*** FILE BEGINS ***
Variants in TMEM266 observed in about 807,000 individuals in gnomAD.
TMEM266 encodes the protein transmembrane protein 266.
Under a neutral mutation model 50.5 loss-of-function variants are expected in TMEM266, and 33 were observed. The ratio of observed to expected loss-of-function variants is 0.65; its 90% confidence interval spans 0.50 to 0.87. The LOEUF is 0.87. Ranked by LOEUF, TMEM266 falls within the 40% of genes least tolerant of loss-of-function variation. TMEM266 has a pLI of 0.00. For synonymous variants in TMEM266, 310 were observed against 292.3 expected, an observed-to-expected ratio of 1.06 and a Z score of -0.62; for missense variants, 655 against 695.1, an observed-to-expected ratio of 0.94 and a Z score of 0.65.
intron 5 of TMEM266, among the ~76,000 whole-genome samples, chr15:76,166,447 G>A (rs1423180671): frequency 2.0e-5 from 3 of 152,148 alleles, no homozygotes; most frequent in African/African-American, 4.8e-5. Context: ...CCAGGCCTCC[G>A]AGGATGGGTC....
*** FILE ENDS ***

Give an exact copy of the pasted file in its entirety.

Variants in TMEM266 observed in about 807,000 individuals in gnomAD.
TMEM266 encodes the protein transmembrane protein 266.
Under a neutral mutation model 50.5 loss-of-function variants are expected in TMEM266, and 33 were observed. The ratio of observed to expected loss-of-function variants is 0.65; its 90% confidence interval spans 0.50 to 0.87. The LOEUF is 0.87. Ranked by LOEUF, TMEM266 falls within the 40% of genes least tolerant of loss-of-function variation. TMEM266 has a pLI of 0.00. For synonymous variants in TMEM266, 310 were observed against 292.3 expected, an observed-to-expected ratio of 1.06 and a Z score of -0.62; for missense variants, 655 against 695.1, an observed-to-expected ratio of 0.94 and a Z score of 0.65.
intron 5 of TMEM266, among the ~76,000 whole-genome samples, chr15:76,166,447 G>A (rs1423180671): frequency 2.0e-5 from 3 of 152,148 alleles, no homozygotes; most frequent in African/African-American, 4.8e-5. Context: ...CCAGGCCTCC[G>A]AGGATGGGTC....